Late Friday I was asked my thoughts on the 666 (did you catch that?) point sell-off by the Dow Jones Industrial Average, part of a 1,096 point sell-off for the week. Channeling my inner Richard Marx (you know we all have one) I responded with, "It don't mean nothin'".
Now that you've got that little ditty stuck in your head, let's continue.
A 1,000 points doesn’t mean what it used to. As a percentage, last week's sell-off was 4.2% of the index's total value at its high the previous week. That sounds substantial, and if downside momentum continues to grow then this past week will be remembered as a key turning point. But from a technical point of view nothing has changed, yet.
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No, the DJIA did not establish a bearish reversal on its weekly chart as it failed to take out the previous week's high of 26,616.71 before falling this past week.
No, the DJIA did not establish a new 4-week low on its weekly chart, with that particular support this coming week pegged at 25,235.41. The DJIA closed this past week at 25,520.96.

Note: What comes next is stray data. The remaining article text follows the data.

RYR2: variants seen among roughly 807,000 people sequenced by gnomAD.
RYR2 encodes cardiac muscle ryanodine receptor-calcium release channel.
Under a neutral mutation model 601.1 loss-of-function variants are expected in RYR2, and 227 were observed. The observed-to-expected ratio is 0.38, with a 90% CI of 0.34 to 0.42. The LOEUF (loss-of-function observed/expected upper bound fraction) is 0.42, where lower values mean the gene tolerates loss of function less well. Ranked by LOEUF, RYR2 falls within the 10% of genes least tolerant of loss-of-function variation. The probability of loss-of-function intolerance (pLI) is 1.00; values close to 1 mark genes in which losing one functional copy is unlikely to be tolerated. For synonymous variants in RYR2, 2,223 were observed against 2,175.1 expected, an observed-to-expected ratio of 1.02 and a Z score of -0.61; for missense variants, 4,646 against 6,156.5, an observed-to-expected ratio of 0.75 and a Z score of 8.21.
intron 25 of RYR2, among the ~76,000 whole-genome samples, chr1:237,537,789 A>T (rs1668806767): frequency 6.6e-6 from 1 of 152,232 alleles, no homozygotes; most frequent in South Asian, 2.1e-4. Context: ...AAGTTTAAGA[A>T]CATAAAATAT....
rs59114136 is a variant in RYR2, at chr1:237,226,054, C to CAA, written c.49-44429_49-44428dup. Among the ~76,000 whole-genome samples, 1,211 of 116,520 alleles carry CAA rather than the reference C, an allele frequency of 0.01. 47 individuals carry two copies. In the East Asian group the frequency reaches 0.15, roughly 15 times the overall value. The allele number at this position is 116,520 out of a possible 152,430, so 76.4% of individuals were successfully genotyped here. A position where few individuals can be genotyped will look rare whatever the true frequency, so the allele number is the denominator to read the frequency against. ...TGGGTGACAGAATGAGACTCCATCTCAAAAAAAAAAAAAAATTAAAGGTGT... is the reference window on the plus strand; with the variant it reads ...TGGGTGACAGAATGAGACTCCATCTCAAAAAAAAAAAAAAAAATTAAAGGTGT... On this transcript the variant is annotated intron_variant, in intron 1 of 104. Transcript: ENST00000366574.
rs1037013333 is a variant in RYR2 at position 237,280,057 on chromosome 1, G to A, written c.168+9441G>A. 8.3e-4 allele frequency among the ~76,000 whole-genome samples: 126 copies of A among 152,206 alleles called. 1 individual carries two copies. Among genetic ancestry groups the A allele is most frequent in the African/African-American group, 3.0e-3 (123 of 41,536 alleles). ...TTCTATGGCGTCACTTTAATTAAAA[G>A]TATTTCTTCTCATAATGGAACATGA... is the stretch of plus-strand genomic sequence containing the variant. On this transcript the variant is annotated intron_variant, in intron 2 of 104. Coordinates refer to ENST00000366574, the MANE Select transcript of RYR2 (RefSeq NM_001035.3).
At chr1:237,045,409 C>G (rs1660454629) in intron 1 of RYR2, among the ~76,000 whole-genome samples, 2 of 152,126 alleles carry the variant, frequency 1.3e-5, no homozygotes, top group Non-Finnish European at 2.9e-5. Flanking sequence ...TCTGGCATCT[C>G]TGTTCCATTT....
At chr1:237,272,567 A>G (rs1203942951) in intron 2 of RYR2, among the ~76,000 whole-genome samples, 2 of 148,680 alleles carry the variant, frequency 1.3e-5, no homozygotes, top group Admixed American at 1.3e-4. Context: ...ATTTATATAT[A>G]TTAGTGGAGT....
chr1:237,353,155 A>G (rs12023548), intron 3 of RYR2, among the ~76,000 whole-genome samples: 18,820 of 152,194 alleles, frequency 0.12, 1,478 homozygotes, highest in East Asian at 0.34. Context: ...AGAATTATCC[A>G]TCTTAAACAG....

Yes, weekly stochastics for the DJIA did indeed establish a bearish crossover above the overbought level of 80%, but look back over the last year and see how many times that signal was a train wreck for this particular market.
Yes, weekly volume spiked as the DJIA's sell-off gained momentum this past week, and that's a bearish technical signal. Oh, wait a minute...
Okay, while last week's collapse in and of itself doesn't mean anything technically, it sets the stage for some potential bearishness in the near future. Possibly as soon as this coming week. The downside trade volume is interesting, and if selling continues early Monday and the 4-week low gives away, we could be having a completely different conversation.
For now, though, the break in the Dow should be considered a bad week. Time will tell if this bad week turns into a bad month, a bad quarter, a bad year.
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